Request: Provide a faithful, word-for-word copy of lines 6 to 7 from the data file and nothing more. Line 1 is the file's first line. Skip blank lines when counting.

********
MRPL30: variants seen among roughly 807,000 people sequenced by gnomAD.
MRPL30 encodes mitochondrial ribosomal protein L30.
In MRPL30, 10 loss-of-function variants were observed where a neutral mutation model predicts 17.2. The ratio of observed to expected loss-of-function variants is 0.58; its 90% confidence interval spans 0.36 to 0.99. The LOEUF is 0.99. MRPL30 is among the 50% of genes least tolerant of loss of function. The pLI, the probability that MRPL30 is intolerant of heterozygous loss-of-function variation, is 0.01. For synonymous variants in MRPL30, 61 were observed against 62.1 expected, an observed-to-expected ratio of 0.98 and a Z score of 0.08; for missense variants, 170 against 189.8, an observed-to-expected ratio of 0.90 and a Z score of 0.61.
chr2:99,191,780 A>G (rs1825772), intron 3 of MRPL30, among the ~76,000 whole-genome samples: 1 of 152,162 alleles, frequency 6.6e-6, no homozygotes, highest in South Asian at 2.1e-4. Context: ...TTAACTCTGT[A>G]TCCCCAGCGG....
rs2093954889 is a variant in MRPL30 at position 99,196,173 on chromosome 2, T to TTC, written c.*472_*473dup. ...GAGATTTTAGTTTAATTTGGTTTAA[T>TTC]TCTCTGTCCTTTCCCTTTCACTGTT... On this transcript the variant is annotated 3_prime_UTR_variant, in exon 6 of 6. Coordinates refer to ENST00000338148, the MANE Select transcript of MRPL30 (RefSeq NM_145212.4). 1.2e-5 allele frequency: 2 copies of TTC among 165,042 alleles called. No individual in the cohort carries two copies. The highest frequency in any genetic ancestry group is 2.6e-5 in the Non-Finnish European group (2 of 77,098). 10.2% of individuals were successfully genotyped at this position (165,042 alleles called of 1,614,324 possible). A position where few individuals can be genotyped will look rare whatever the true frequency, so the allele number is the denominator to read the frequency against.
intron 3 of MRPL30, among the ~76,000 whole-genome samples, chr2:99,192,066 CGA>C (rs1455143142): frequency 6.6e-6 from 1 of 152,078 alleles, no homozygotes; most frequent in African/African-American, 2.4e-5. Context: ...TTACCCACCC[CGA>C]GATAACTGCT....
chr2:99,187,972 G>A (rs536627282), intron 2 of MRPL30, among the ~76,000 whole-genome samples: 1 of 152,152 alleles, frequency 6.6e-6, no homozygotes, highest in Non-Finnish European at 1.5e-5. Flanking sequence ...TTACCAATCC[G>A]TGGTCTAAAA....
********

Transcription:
intron 3 of MRPL30, among the ~76,000 whole-genome samples, chr2:99,192,066 CGA>C (rs1455143142): frequency 6.6e-6 from 1 of 152,078 alleles, no homozygotes; most frequent in African/African-American, 2.4e-5. Context: ...TTACCCACCC[CGA>C]GATAACTGCT....
chr2:99,187,972 G>A (rs536627282), intron 2 of MRPL30, among the ~76,000 whole-genome samples: 1 of 152,152 alleles, frequency 6.6e-6, no homozygotes, highest in Non-Finnish European at 1.5e-5. Flanking sequence ...TTACCAATCC[G>A]TGGTCTAAAA....